Wednesday, July 20, 2016

Mountain Trivia in Bellingham - August 2, 2016

5Point Film Festival, Stone's Throw Brewery and the American Alpine Institute are teaming up to provide an evening of mountain trivia at Bellingham's Stone's Throw Brewery.

Mountain Trivia Night!
August 2, 2016 - 7pm
Stone's Throw Brewery
1009 Larabee Avenue 
Bellingham, WA 98225

Content:

Do you or your friends know the native name of Mt. Baker? Do you know the difference between a locker and a non-locker? Have you heard of Fred Beckey? Do you know what skins do for skis...?

If you answered yes to any one of the preceding questions, then you are a perfect candidate for the Mountain Trivia Night at Stone's Throw Brewing.


Teams and Buy-In:

Teams may include up to six players, but may be as small as a team of one. You will need to pick a ridiculous name for your team as that is part of Bellingham beer trivia culture.

The buy-in for each player will be $2.

Prizes:

The team that wins the event will win the pot as well as six AAI T-shirts.

In addition to the team prizes, we will also have a raffle where we will give away one $300 gift certificate to any group AAI program. And we will also give away an OR Levitator Pack!



5Point Film Festival

This event is the kick-off for the 5Point Film Festival ticket sales. 5Point is a celebration of outdoor film, outdoor community, outdoor books and mountain arts that will take place in Bellingham from August 25-27. 

Tickets will be available at the Mountain Trivia Night!


--Jason D. Martin


Tuesday, July 19, 2016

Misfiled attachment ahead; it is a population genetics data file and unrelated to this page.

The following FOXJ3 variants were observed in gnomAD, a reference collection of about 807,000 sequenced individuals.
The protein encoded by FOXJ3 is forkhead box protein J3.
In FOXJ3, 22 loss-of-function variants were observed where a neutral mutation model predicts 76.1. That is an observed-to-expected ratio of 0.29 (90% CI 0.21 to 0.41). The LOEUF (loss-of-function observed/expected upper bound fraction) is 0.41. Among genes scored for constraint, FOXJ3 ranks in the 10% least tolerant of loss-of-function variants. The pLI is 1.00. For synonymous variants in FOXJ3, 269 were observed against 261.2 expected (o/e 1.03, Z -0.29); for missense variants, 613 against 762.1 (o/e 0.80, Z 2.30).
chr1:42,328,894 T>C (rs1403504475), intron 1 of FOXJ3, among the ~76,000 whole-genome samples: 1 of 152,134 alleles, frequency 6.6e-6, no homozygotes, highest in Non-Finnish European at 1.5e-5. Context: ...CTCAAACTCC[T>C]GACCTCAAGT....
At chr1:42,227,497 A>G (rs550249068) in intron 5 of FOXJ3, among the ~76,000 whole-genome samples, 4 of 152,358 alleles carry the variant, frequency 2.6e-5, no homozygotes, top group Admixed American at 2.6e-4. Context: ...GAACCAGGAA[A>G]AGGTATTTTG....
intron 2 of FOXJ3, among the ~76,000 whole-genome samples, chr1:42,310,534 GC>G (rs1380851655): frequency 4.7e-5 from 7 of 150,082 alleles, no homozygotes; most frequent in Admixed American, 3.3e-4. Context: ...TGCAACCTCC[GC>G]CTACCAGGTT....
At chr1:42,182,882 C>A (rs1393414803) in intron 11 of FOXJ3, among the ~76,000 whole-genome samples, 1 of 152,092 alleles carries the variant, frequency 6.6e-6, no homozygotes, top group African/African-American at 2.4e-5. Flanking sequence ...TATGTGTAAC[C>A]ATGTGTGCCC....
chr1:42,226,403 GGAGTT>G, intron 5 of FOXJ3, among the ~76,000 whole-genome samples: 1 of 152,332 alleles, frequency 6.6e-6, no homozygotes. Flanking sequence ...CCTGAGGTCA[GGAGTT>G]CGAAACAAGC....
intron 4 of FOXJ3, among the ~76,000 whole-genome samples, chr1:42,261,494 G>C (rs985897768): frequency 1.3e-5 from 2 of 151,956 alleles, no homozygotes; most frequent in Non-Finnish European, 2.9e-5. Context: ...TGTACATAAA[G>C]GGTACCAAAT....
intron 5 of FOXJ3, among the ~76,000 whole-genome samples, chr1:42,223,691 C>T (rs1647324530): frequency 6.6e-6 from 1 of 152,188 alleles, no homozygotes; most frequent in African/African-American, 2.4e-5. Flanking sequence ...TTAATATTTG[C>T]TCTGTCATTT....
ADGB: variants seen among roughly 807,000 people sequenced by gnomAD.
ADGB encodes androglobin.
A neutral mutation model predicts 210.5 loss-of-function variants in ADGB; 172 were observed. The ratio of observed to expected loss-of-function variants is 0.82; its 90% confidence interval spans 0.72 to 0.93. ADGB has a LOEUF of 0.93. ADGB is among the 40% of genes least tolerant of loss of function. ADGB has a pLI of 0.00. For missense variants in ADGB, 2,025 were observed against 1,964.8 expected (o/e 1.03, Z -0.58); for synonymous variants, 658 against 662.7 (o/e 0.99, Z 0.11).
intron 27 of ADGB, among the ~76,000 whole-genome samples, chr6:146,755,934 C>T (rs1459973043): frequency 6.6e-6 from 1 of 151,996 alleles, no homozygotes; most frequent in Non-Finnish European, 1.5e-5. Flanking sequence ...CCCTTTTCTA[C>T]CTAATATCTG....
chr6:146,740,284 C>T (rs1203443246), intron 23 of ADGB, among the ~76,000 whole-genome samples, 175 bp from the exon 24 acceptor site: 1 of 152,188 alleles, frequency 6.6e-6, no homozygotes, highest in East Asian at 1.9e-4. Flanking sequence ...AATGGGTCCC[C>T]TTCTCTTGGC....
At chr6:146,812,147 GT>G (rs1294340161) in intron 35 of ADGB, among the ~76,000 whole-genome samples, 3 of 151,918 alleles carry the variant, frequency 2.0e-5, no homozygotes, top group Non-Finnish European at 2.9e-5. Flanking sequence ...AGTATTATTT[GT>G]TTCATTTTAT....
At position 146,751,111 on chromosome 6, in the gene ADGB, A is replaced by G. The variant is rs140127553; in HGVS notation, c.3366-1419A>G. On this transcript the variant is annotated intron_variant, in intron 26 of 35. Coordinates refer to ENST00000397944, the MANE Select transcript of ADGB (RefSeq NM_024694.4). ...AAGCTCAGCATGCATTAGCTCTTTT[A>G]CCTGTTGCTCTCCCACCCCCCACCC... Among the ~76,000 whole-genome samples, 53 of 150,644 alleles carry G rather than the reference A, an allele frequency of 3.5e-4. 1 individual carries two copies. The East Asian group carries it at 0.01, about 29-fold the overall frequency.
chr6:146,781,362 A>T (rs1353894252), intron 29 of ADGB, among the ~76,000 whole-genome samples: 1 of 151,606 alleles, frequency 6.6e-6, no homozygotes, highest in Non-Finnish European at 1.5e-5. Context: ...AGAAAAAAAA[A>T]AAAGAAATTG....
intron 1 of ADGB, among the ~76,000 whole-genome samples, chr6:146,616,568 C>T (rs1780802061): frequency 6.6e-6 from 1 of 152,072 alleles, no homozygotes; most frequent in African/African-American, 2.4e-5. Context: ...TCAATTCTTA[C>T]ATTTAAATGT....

Cordillera Blanca (Peru) Research Expedition


[Editor’s note:   The American Alpine Institute has teamed up with the American Climber Science Program to support a variety of important research projects in mountain environments.  High mountain regions – especially those with glaciers – are a treasure trove of important data that can reveal a lot about the functioning and health alpine ecosystems and their individual components as well as inform upon large-scale phenomena like climate change.  Click here to read about the Institute’s commitment to alpine research and that research’s potential for helpful impact on social policy (e.g., land management) as well as more on the research to be done by the author.

Elsa Balton is a participant in the current research expedition in Peru’s Cordillera Blanca.  She has worked as executive assistant to the Institute’s president and is a senior molecular biology and Spanish major at Western Washington University.  This is her first trip to high altitude, and is posting narratives describing some of her experiences, challenges, and rewards while conducting research on microbes at high altitude and in a challenging environment.  Her second posting describes acclimatization during her first week on the current expedition.]


Acclimatization: Huaraz, Peru

After 12 hours on two airplanes and 8 hours on a bus, my group of approximately twenty students and two professors made it to Huaraz!  There we met up with some volunteers from the American Climber Science Program as well as several researchers from other universities who will be working with us.